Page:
From September 2016 I have been working as a Postdoctoral Research Fellow in the Mathematics Department at the University of British Columbia, working with Prof. Neil Balmforth and Prof. Mark Martinez. I am primarily looking at the mathematical fluid dynamics in the pulp and paper industry, but am also persuing a number of directions in my research interests listed below.

I completed my PhD research in June 2016 as a SIMS Scholar at St John's College, University of Cambridge, working with Prof. Colm Caulfield in the Department of Applied Mathematics and Theoretical Physics. My PhD research focussed on the dynamics of stratified shear flow instabilities and minimal seeds for turbulence in stratified plane Couette flow. I investigated transition to turbulence in stratified shear flows from a dynamical systems viewpoint, and how the coherent structures in such flows change with the strength of stratification. My thesis is entitled "Generalised nonlinear stability analysis of stratified shear flows: adjoint-based optimisation, Koopman modes, and reduced models".

My CV can be found here.

I taught MATH 256 (Section 202) in the second session of the Winter Term in 2016 and 2017. Last year's course website can be found here.

In Cambridge I supervised undergraduate students in the following courses:

- IB Methods
- II Dynamical Systems
- II Asymptotic Methods
- II Mathematical Biology

In addition to supervising undergraduate students in the above courses, I also gave examples classes for IB Methods as a college teaching assistant at St John's College, University of Cambridge.

My research to date has focussed on the fluid dynamics of the pulp and paper industry and on the dynamical systems viewpoint of fluid flows. In particular, my current interests include:

- Two-phase flow formulation of defomable fibrous porous media. Compressive and shear rheology of pulp suspensions.
- Low-order model reduction of two-phase flow for complex industrial geometries.
- Nonlinear optimisation problems in fluid dynamics: minimal seeds for turbulence (the smallest amplitude perturbations to a base flow that eventually transition to turbulence), energy stability, optimal mixing in stratified shear flows.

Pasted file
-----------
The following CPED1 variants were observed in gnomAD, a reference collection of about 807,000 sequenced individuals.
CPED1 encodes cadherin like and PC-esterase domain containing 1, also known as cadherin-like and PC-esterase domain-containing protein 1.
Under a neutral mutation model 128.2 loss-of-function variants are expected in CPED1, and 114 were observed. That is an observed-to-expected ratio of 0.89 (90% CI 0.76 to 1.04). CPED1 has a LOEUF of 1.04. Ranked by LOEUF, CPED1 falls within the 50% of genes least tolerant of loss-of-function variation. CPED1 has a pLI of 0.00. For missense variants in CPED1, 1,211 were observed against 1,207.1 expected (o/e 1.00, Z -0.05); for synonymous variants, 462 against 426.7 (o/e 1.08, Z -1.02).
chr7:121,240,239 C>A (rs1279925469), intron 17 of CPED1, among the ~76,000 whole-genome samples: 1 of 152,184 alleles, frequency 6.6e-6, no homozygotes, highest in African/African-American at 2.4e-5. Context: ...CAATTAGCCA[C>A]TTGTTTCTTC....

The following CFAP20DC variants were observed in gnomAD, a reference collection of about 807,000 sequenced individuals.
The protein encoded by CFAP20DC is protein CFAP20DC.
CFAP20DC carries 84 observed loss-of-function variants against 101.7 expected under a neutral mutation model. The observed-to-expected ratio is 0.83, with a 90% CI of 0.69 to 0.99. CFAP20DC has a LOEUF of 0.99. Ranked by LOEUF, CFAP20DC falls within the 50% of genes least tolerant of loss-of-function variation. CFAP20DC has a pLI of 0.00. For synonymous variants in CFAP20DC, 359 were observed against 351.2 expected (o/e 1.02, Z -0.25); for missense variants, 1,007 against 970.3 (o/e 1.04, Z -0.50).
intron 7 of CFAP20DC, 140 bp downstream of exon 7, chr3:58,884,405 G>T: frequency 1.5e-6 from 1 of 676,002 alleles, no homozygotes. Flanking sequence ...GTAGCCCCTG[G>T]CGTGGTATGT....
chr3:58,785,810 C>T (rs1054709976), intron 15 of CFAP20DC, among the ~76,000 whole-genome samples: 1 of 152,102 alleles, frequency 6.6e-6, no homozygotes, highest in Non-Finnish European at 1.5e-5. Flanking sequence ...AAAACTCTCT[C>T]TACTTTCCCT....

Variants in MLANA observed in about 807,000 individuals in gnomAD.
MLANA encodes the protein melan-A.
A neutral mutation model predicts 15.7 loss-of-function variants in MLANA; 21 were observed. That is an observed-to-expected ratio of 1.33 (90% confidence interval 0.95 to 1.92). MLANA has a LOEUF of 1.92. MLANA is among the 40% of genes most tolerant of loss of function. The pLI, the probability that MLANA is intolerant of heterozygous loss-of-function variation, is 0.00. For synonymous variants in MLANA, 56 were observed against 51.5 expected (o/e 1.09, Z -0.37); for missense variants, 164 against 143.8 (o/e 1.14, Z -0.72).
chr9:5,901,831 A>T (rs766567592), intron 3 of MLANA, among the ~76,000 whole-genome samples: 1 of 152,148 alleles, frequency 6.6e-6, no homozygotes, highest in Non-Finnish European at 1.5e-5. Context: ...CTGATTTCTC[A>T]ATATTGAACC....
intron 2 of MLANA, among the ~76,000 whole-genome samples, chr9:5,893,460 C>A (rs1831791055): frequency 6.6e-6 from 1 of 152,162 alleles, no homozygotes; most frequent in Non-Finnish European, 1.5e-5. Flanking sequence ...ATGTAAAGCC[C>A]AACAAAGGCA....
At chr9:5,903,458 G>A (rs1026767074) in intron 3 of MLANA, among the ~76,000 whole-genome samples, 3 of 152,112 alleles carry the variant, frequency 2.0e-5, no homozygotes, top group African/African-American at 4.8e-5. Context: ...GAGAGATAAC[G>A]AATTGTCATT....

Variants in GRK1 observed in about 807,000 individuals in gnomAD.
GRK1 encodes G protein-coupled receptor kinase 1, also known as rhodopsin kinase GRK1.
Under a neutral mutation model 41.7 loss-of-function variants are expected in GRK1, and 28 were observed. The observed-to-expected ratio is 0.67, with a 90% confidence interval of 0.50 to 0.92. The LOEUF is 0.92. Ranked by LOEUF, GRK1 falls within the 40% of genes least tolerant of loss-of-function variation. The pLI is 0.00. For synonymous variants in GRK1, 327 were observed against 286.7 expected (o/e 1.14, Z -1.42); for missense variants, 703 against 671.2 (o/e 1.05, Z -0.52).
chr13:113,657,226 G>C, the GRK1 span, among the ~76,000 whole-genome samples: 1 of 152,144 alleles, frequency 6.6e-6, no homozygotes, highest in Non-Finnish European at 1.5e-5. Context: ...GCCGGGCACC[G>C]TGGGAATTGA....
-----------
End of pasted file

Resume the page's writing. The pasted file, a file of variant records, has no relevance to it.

- Weak periodic forcing and control of unstable periodic orbits embedded in chaotic attractors for the puposes of turbulent drag reduction.
- Stratified shear flow instabilities, in particular the Taylor‒Caulfield instability, and their subsequent nonlinear evolution. Alorithmic identification of stratified shear flow instabilities.
- Stochastic dynamics of near-homoclinic or near-heteroclinic systems.

Paterson, D, Eaves, T. S., Hewitt, D. R., Balmforth, N. J. and Martinez, D. M.,

**Flow-driven compaction of a fibrous porous medium**,*under review, Phys. Rev. Fluids*(2018).Eaves, T. S. and Balmforth, N. J.,

**Instability of sheared density interfaces**,*under review, J. Fluid Mech.*(2018).Ponetti, G., Balmforth, N. J. and Eaves, T. S.,

**Instabilities in a staircase stratified shear flow**,*Geophys. Astrophys. Fluid Dyn.***112,**1-19 (2018).Eaves, T. S. and Caulfield, C. P.,

**Multiple instability of layered stratified plane Couette flow**,*J. Fluid Mech.***813,**250-278 (2017).Eaves, T. S. and Balmforth, N. J.,

**Noisy homoclinic pulse dynamics**,*Chaos***26,**043104 (2016).Eaves, T. S. and Caulfield, C. P.,

**Disruption of SSP/VWI states by a stable stratification**,*J. Fluid Mech.***784,**548-564 (2015).Brun, P.-T., Audoly, B., Ribe, N. M., Eaves, T. S. and Lister, J. R.,

**Liquid ropes: A geometrical model for thin viscous jet instabilities**,*Phys. Rev. Lett.***114,**174501 (2015).

**Office:** LSK 203C

**Address:**
Department of Mathematics, University of British Columbia,

1984 Mathematics Road, Vancouver, BC, V6T 1Z2

**Telephone:** +1-(604)-827-3299

**Email:** tse23@math.ubc.ca